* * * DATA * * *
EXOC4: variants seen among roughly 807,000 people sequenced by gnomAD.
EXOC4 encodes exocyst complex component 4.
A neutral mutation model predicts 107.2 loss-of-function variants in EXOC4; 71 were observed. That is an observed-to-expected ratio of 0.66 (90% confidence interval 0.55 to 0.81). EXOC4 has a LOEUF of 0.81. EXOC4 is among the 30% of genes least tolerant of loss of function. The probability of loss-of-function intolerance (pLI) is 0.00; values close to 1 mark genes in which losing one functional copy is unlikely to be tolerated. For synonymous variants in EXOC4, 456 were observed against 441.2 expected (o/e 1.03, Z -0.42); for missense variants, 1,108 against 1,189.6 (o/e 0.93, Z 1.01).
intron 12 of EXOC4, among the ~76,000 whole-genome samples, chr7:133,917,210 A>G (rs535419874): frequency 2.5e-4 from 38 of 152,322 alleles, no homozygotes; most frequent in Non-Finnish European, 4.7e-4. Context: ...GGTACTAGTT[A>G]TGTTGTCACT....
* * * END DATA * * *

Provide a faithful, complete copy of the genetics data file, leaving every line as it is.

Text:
EXOC4: variants seen among roughly 807,000 people sequenced by gnomAD.
EXOC4 encodes exocyst complex component 4.
A neutral mutation model predicts 107.2 loss-of-function variants in EXOC4; 71 were observed. That is an observed-to-expected ratio of 0.66 (90% confidence interval 0.55 to 0.81). EXOC4 has a LOEUF of 0.81. EXOC4 is among the 30% of genes least tolerant of loss of function. The probability of loss-of-function intolerance (pLI) is 0.00; values close to 1 mark genes in which losing one functional copy is unlikely to be tolerated. For synonymous variants in EXOC4, 456 were observed against 441.2 expected (o/e 1.03, Z -0.42); for missense variants, 1,108 against 1,189.6 (o/e 0.93, Z 1.01).
intron 12 of EXOC4, among the ~76,000 whole-genome samples, chr7:133,917,210 A>G (rs535419874): frequency 2.5e-4 from 38 of 152,322 alleles, no homozygotes; most frequent in Non-Finnish European, 4.7e-4. Context: ...GGTACTAGTT[A>G]TGTTGTCACT....